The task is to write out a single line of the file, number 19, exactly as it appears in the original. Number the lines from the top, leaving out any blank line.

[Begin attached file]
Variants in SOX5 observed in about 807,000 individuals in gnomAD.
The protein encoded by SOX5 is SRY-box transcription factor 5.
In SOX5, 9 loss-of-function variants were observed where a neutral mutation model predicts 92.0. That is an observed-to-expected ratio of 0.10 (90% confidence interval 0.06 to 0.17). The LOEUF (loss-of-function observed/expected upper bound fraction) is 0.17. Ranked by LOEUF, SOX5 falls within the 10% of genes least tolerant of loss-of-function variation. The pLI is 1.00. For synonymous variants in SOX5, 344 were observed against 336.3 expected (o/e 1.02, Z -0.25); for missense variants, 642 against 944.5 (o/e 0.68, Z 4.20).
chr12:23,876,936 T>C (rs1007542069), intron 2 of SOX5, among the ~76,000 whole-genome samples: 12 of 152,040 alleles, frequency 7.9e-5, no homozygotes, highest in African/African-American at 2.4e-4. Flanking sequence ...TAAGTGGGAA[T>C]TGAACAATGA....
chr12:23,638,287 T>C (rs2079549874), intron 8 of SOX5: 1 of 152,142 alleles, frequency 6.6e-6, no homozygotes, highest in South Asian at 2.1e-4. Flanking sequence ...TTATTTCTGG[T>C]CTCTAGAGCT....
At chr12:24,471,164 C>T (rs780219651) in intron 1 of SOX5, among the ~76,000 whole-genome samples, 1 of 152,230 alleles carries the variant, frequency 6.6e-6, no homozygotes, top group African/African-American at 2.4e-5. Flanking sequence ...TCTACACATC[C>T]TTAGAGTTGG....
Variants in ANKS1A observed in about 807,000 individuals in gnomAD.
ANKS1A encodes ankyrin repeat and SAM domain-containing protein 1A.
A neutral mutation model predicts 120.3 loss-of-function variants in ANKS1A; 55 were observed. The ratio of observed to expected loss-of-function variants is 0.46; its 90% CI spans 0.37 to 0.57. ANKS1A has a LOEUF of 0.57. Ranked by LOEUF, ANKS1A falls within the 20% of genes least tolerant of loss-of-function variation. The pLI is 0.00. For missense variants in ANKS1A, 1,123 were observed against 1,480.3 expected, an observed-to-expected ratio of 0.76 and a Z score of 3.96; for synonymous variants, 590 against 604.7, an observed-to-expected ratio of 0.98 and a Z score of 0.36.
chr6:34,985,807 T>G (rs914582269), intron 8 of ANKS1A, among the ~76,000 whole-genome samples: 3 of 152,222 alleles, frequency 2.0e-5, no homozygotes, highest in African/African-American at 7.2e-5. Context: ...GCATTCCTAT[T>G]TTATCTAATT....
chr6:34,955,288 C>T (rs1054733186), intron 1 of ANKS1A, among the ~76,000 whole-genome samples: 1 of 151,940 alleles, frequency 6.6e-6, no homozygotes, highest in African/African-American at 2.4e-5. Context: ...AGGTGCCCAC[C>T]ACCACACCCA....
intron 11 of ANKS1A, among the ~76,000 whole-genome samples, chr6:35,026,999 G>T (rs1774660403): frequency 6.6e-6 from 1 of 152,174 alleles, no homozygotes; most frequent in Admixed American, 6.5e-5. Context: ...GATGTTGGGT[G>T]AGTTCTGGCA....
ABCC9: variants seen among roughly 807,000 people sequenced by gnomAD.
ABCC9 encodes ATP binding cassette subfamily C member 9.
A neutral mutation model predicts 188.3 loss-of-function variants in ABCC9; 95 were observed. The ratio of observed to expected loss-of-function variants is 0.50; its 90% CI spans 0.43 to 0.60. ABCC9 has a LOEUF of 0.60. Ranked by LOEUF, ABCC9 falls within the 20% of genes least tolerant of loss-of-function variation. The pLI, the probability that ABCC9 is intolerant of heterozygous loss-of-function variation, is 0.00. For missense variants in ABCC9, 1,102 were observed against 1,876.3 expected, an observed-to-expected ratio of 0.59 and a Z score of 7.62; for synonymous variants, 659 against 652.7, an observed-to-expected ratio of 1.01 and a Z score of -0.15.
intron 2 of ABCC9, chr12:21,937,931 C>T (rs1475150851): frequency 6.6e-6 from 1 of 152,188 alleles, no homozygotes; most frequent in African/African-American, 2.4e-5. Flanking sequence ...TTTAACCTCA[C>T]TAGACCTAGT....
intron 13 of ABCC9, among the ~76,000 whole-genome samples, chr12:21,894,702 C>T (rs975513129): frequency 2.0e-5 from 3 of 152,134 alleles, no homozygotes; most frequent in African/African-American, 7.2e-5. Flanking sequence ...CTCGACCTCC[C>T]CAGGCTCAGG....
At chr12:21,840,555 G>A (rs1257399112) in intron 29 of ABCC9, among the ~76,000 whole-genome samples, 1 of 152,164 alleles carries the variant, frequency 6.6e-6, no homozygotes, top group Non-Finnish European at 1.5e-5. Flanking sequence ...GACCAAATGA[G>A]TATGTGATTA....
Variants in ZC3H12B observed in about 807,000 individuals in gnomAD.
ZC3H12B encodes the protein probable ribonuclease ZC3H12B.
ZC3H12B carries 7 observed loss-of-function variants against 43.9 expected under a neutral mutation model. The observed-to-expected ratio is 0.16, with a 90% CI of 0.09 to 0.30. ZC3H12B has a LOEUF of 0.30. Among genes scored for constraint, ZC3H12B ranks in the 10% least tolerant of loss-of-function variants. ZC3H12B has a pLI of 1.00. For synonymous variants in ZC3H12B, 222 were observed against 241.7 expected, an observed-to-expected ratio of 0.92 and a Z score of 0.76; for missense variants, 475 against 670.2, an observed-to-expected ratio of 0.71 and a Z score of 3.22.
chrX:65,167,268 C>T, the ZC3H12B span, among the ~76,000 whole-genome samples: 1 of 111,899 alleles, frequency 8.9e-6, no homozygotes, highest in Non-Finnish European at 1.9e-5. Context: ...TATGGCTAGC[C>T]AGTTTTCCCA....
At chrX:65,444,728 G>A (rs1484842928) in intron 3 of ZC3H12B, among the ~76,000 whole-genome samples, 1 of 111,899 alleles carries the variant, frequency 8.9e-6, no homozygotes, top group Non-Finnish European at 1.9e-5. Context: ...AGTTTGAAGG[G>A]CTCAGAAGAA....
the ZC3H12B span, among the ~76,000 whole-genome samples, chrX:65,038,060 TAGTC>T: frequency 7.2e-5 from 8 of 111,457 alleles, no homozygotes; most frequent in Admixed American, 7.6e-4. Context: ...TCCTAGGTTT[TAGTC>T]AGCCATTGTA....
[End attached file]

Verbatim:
Variants in ZC3H12B observed in about 807,000 individuals in gnomAD.